Padre Manager Greg Riddoch's voice was steady and composed as he spoke, camouflaging the anger and frustration raging inside.
For the first time Tuesday, before the Padres' 6-3 defeat to the Dodgers at San Diego Jack Murphy Stadium, Riddoch revealed his feelings in what he says has been a cruel and unfair attack by several members of the media.
"I think our entire organization has been treated unjustly by the print media in this town," Riddoch said. "It's been totally unfair, it's been unprofessional and a lot of it has been complete lies.
"I've been here for seven years, and it's been the same song and dance.
"I'm sick of it."
Riddoch's outburst was triggered when Padre shortstop Tony Fernandez became the latest Padre veteran to question Riddoch's managerial style. Riddoch, however, says the criticism is provoked by the media.
"The game of baseball isn't even being reported any more," Riddoch said, "it's all the other crap. It's not everybody. It's not the TV or radio people; they've been very fair. It's only two or three print media I'm talking about.
"They try to bring us down to their level. The worst aspect of my whole job is watching certain people take something minute and make the Statue of Liberty out of it.
"Something is being blown out of proportion every day."
Lately, several stories have resulted in confrontations between two members of Riddoch's staff and reporters.
The tension has been understandable.
Riddoch and his coaches have yet to be informed of their status for the 1993 season, and as the season's end nears, there's growing speculation that Riddoch and at least one of his coaches will be fired.
Riddoch has not had any contract talks with Joe McIlvaine, Padre general manager, nor has McIlvaine offered any encouragement that Riddoch will be retained. Instead, McIlvaine says Riddoch's fate will be decided at the season's finish.
Riddoch, who earns $225,000, says he is not so much concerned over his welfare. He has been in baseball for 22 years, working on virtually every level, and should have little difficulty remaining in the game.
"But people don't understand what my coaching staff is going through," Riddoch said. "They're good people. They work their asses off every day. But no one says a word. No one says, 'Nice going,' but me."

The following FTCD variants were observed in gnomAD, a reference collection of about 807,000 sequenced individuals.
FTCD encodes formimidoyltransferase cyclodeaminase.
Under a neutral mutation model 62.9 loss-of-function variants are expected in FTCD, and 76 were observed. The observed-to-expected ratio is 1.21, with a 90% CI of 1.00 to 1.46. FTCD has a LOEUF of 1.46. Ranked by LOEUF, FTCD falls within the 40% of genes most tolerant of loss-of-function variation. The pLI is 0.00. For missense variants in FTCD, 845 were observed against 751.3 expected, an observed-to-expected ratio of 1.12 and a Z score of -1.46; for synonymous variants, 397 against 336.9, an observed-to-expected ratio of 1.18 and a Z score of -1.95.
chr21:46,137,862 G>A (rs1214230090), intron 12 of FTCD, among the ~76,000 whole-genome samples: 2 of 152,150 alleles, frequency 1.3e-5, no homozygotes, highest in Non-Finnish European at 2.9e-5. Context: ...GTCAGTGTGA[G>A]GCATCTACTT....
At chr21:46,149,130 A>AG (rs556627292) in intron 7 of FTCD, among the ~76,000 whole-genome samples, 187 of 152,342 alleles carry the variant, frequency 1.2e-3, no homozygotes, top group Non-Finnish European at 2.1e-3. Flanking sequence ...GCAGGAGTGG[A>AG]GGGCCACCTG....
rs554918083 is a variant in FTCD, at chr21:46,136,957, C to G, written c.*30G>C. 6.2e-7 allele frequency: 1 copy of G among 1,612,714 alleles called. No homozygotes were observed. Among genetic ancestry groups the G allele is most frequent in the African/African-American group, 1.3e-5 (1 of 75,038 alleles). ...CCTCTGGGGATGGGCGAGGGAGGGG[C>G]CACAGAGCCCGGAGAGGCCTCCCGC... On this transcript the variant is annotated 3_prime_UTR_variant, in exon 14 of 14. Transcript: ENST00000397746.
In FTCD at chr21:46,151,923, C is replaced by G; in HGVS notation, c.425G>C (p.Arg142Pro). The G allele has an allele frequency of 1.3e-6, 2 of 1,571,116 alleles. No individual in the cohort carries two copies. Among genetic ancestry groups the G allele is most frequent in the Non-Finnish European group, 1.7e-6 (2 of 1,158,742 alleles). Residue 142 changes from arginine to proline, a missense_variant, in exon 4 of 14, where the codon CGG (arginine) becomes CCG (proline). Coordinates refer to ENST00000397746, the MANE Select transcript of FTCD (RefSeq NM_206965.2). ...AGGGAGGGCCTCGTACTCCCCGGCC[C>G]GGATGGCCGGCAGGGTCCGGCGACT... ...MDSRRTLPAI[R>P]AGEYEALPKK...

Riddoch's coaching staff indeed is considered among the most hard-working in baseball. They are at the park at least five hours before game time, and have been serious in their approach the entire season.
"The things is, it doesn't matter how well they've done," Riddoch said. "If a manager doesn't come back, there are coaches that go with him. It goes with the territory.
"That's why all of this is so unfair. It's a difficult enough job without guys stirring it up all of the time. That's why I don't spend 25 cents to read the San Diego newspapers anymore. I can save myself money and make up all the lies myself.
"Our players have worked hard, our front office has been outstanding, and nobody ever hears a word about it.
"It's hard to sit back and take, but that's what I've done."
Meanwhile, the Padres are struggling to find solace on the playing field. Although the Padres (76-68) have played their regulars all month, they have lost six of their last eight games. Most embarrassing, they also have lost six of their last eight against the lowly Dodgers.
The most entertaining aspect of the game Tuesday for the crowd of 9,997 was watching Dodger Manager Tom Lasorda's tirade in the third inning, leading to his third ejection of the season.
Lasorda's tirade was triggered by Padre third baseman Gary Sheffield's defensive gem in the top of the third. The play not only saved Padre starter Jim Deshaies (4-5) one run, but possibly two runs.
The scenario unfolded like this: The Dodgers had runners on first and second with no outs, and Mike Sharperson at the plate. Lasorda sent the runners, and Sharperson hit a screaming grounder toward the third-base bag.
Sheffield dived head-first and smothered the ball. He stepped on third for one out, and back to first base for the double-play. The crowd gave a rousing ovation, and moments later, the inning ended when Eric Karros grounded to shortstop Tony Fernandez.
Dodger starter Orel Hersishier, apparently not sharing the Padres' enthusiasm for Sheffield's defensive gem, drilled Sheffield in the left shoulder when he stepped to the plate in the bottom of the third.
Sheffield, who also was hit in the left thigh in the first inning, made a step toward the mound before deciding against charging Hershiser. He walked slowly to first base, and crew chief Harry Wendelstedt decided it was time to issue a warning to both benches. The next time someone was hit, the pitcher and manager would be ejected, Wendelstedt said.
Lasorda immediately came out of the dugout and argued that no warning should be given. Wendelstedt said the warnings would stick. Two batters later, with Padre catcher Benito Santiago at the plate, Lasorda could no longer control his emotions and started yelling at home-plate umpire Larry Poncino.
Poncino turned around, and ejected Lasorda, suspending the game for a few minutes of theater.
The most suspense the remainder of the game was seeing whether Deshaies would retaliate when he faced Hershiser in the fifth inning. Instead, he gave up a single to Hershiser, and one inning later was out of the game.
The Dodgers scored four runs off Deshaies and reliever Rich Rodriguez in the sixth, and broke open the game with two runs in the ninth off reliever Tim Scott.
Triple Crown Watch
Gary Sheffield, Padres: .335
Andy Van Slyke, Pittsburgh: .333
John Kruk, Philadelphia: .324 Home Runs
Fred McGriff, Padres: 34
Gary Sheffield, Padres: 31
Barry Bonds, Pittsburgh: 29 Runs Batted In
Darren Daulton, Philadelphia: 100
Gary Sheffield, Padres: 95
Terry Pendleton, Braves: 95